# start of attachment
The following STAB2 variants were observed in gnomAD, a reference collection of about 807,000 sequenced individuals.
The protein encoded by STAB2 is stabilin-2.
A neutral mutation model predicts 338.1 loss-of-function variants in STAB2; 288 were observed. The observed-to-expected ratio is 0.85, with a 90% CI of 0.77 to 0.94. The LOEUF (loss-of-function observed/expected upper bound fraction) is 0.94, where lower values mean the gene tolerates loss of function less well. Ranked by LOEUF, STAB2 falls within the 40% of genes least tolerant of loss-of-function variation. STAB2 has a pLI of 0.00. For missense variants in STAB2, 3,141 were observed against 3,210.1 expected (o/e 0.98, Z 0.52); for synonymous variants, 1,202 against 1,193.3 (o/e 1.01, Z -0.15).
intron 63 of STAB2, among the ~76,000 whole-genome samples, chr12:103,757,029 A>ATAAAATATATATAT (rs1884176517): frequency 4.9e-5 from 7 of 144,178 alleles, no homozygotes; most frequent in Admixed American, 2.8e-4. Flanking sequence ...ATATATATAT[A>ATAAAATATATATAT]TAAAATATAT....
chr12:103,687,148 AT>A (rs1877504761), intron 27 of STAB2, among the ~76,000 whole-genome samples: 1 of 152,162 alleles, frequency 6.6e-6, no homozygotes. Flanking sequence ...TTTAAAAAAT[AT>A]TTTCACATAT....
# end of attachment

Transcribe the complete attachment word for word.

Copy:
The following STAB2 variants were observed in gnomAD, a reference collection of about 807,000 sequenced individuals.
The protein encoded by STAB2 is stabilin-2.
A neutral mutation model predicts 338.1 loss-of-function variants in STAB2; 288 were observed. The observed-to-expected ratio is 0.85, with a 90% CI of 0.77 to 0.94. The LOEUF (loss-of-function observed/expected upper bound fraction) is 0.94, where lower values mean the gene tolerates loss of function less well. Ranked by LOEUF, STAB2 falls within the 40% of genes least tolerant of loss-of-function variation. STAB2 has a pLI of 0.00. For missense variants in STAB2, 3,141 were observed against 3,210.1 expected (o/e 0.98, Z 0.52); for synonymous variants, 1,202 against 1,193.3 (o/e 1.01, Z -0.15).
intron 63 of STAB2, among the ~76,000 whole-genome samples, chr12:103,757,029 A>ATAAAATATATATAT (rs1884176517): frequency 4.9e-5 from 7 of 144,178 alleles, no homozygotes; most frequent in Admixed American, 2.8e-4. Flanking sequence ...ATATATATAT[A>ATAAAATATATATAT]TAAAATATAT....
chr12:103,687,148 AT>A (rs1877504761), intron 27 of STAB2, among the ~76,000 whole-genome samples: 1 of 152,162 alleles, frequency 6.6e-6, no homozygotes. Flanking sequence ...TTTAAAAAAT[AT>A]TTTCACATAT....